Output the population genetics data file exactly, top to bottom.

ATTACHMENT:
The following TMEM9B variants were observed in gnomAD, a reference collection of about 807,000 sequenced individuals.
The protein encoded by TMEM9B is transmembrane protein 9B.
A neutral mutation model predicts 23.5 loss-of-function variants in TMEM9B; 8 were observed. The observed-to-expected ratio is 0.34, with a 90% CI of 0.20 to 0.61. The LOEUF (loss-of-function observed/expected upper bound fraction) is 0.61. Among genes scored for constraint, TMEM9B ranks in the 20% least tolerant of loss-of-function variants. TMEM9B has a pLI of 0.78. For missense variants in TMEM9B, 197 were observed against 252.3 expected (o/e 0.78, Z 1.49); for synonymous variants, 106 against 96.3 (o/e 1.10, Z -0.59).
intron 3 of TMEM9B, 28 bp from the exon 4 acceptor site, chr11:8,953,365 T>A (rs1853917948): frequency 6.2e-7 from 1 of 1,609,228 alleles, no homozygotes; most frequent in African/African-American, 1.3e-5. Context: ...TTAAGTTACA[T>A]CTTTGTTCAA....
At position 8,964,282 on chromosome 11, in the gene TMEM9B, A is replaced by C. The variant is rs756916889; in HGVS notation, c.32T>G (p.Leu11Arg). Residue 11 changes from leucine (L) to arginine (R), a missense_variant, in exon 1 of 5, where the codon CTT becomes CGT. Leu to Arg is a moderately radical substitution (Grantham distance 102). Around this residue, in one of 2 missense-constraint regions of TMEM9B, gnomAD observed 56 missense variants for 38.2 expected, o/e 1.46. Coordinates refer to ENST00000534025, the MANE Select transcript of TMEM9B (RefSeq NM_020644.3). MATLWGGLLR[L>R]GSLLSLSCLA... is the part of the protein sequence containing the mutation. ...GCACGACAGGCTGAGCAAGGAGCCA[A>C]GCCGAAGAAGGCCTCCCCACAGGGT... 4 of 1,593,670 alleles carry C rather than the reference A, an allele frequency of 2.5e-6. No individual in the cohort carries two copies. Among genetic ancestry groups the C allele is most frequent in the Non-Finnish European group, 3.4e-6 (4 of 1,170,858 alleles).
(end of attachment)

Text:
The following TMEM9B variants were observed in gnomAD, a reference collection of about 807,000 sequenced individuals.
The protein encoded by TMEM9B is transmembrane protein 9B.
A neutral mutation model predicts 23.5 loss-of-function variants in TMEM9B; 8 were observed. The observed-to-expected ratio is 0.34, with a 90% CI of 0.20 to 0.61. The LOEUF (loss-of-function observed/expected upper bound fraction) is 0.61. Among genes scored for constraint, TMEM9B ranks in the 20% least tolerant of loss-of-function variants. TMEM9B has a pLI of 0.78. For missense variants in TMEM9B, 197 were observed against 252.3 expected (o/e 0.78, Z 1.49); for synonymous variants, 106 against 96.3 (o/e 1.10, Z -0.59).
intron 3 of TMEM9B, 28 bp from the exon 4 acceptor site, chr11:8,953,365 T>A (rs1853917948): frequency 6.2e-7 from 1 of 1,609,228 alleles, no homozygotes; most frequent in African/African-American, 1.3e-5. Context: ...TTAAGTTACA[T>A]CTTTGTTCAA....
At position 8,964,282 on chromosome 11, in the gene TMEM9B, A is replaced by C. The variant is rs756916889; in HGVS notation, c.32T>G (p.Leu11Arg). Residue 11 changes from leucine (L) to arginine (R), a missense_variant, in exon 1 of 5, where the codon CTT becomes CGT. Leu to Arg is a moderately radical substitution (Grantham distance 102). Around this residue, in one of 2 missense-constraint regions of TMEM9B, gnomAD observed 56 missense variants for 38.2 expected, o/e 1.46. Coordinates refer to ENST00000534025, the MANE Select transcript of TMEM9B (RefSeq NM_020644.3). MATLWGGLLR[L>R]GSLLSLSCLA... is the part of the protein sequence containing the mutation. ...GCACGACAGGCTGAGCAAGGAGCCA[A>C]GCCGAAGAAGGCCTCCCCACAGGGT... 4 of 1,593,670 alleles carry C rather than the reference A, an allele frequency of 2.5e-6. No individual in the cohort carries two copies. Among genetic ancestry groups the C allele is most frequent in the Non-Finnish European group, 3.4e-6 (4 of 1,170,858 alleles).